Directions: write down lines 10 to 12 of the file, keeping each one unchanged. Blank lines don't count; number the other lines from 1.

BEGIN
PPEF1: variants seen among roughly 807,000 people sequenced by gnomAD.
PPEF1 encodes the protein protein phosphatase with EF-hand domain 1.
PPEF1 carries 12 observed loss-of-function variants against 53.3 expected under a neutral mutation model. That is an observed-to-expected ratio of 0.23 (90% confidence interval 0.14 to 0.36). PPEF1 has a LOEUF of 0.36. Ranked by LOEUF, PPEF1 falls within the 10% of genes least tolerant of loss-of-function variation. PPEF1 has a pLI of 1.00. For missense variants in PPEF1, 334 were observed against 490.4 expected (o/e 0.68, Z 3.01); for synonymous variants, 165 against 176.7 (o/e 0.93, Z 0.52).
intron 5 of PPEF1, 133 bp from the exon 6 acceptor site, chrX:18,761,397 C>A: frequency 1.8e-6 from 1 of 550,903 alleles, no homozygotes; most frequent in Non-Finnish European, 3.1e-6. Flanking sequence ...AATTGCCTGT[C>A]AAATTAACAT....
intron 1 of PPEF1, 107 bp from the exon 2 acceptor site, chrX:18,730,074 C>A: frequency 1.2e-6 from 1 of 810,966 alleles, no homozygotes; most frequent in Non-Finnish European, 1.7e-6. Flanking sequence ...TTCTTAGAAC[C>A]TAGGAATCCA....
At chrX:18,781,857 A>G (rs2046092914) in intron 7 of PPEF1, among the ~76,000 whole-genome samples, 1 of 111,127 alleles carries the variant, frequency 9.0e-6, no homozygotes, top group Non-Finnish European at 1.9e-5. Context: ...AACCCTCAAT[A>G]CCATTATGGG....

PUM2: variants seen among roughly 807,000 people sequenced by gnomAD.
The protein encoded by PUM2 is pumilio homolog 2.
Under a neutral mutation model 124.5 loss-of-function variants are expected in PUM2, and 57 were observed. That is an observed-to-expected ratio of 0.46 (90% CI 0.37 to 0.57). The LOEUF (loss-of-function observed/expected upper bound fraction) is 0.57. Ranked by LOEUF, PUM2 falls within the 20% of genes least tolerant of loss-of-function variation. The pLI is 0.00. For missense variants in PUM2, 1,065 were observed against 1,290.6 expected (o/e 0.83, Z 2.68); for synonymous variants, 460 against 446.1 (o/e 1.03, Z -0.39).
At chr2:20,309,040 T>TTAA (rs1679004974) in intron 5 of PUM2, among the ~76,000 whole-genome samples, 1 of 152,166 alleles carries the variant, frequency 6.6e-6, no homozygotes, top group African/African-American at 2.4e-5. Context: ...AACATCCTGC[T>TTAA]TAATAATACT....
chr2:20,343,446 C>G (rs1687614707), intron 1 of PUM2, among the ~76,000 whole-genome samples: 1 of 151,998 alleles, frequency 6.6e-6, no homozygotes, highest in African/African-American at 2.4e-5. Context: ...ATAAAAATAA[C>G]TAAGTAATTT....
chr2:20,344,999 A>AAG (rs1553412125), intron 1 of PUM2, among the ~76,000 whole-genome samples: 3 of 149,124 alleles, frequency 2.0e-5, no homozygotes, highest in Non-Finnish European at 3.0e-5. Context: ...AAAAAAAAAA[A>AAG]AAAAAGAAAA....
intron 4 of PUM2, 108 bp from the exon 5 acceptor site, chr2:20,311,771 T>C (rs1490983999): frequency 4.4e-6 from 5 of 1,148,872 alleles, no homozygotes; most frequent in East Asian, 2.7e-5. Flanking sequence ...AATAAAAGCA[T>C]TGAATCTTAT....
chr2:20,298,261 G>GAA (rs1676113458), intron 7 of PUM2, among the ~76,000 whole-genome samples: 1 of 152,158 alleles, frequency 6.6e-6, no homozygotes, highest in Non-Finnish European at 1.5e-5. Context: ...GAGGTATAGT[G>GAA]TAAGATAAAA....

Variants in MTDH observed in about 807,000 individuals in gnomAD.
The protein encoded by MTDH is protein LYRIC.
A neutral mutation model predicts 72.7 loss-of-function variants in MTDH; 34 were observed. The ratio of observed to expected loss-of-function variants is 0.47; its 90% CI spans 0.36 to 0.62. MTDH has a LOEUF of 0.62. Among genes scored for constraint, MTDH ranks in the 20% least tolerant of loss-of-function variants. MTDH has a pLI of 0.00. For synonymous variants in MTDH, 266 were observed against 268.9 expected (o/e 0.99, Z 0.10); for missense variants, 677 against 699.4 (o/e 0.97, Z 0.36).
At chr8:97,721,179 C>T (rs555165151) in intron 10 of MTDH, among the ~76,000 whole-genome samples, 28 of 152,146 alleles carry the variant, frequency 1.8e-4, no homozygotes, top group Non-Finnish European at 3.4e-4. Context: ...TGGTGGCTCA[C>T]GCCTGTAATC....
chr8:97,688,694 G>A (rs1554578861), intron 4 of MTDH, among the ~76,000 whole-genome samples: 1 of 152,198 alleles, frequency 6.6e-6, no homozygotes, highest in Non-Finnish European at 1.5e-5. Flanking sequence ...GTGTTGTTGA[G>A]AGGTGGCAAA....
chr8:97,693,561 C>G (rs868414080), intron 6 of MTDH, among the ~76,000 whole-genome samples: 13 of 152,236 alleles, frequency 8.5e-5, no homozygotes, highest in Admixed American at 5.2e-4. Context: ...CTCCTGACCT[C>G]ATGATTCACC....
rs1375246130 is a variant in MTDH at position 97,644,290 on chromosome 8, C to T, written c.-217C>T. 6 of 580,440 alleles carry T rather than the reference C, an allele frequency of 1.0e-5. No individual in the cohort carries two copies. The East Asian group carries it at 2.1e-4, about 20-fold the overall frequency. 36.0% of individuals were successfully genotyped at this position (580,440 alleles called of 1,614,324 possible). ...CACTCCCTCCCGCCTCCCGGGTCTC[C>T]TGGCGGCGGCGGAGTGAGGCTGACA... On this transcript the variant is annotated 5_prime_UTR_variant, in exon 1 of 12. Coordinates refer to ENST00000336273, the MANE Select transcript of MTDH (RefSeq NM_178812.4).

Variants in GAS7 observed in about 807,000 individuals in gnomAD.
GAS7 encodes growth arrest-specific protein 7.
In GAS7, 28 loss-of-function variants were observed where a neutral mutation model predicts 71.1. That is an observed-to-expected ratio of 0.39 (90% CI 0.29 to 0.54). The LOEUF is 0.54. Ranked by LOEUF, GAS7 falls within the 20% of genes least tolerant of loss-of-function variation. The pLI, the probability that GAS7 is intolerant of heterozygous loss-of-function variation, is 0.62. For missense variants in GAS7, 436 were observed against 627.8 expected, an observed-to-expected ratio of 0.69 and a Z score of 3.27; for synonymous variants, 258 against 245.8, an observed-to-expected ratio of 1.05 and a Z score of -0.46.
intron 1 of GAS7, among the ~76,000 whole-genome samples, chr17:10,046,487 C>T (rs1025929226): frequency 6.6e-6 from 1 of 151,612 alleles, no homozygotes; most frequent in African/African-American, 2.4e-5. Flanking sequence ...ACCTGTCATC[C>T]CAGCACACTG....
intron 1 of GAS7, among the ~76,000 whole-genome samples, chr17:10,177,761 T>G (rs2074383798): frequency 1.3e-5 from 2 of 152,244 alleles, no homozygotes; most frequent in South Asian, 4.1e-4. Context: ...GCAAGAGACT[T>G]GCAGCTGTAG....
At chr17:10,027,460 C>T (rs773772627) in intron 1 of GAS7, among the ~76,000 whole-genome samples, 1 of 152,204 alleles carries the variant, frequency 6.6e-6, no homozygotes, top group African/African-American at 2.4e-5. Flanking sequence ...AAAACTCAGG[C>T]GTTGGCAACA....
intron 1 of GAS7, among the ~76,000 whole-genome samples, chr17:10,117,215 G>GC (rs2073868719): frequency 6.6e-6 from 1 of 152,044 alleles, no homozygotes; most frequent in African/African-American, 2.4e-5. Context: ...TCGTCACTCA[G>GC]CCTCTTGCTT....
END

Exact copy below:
At chr2:20,309,040 T>TTAA (rs1679004974) in intron 5 of PUM2, among the ~76,000 whole-genome samples, 1 of 152,166 alleles carries the variant, frequency 6.6e-6, no homozygotes, top group African/African-American at 2.4e-5. Context: ...AACATCCTGC[T>TTAA]TAATAATACT....
chr2:20,343,446 C>G (rs1687614707), intron 1 of PUM2, among the ~76,000 whole-genome samples: 1 of 151,998 alleles, frequency 6.6e-6, no homozygotes, highest in African/African-American at 2.4e-5. Context: ...ATAAAAATAA[C>G]TAAGTAATTT....
chr2:20,344,999 A>AAG (rs1553412125), intron 1 of PUM2, among the ~76,000 whole-genome samples: 3 of 149,124 alleles, frequency 2.0e-5, no homozygotes, highest in Non-Finnish European at 3.0e-5. Context: ...AAAAAAAAAA[A>AAG]AAAAAGAAAA....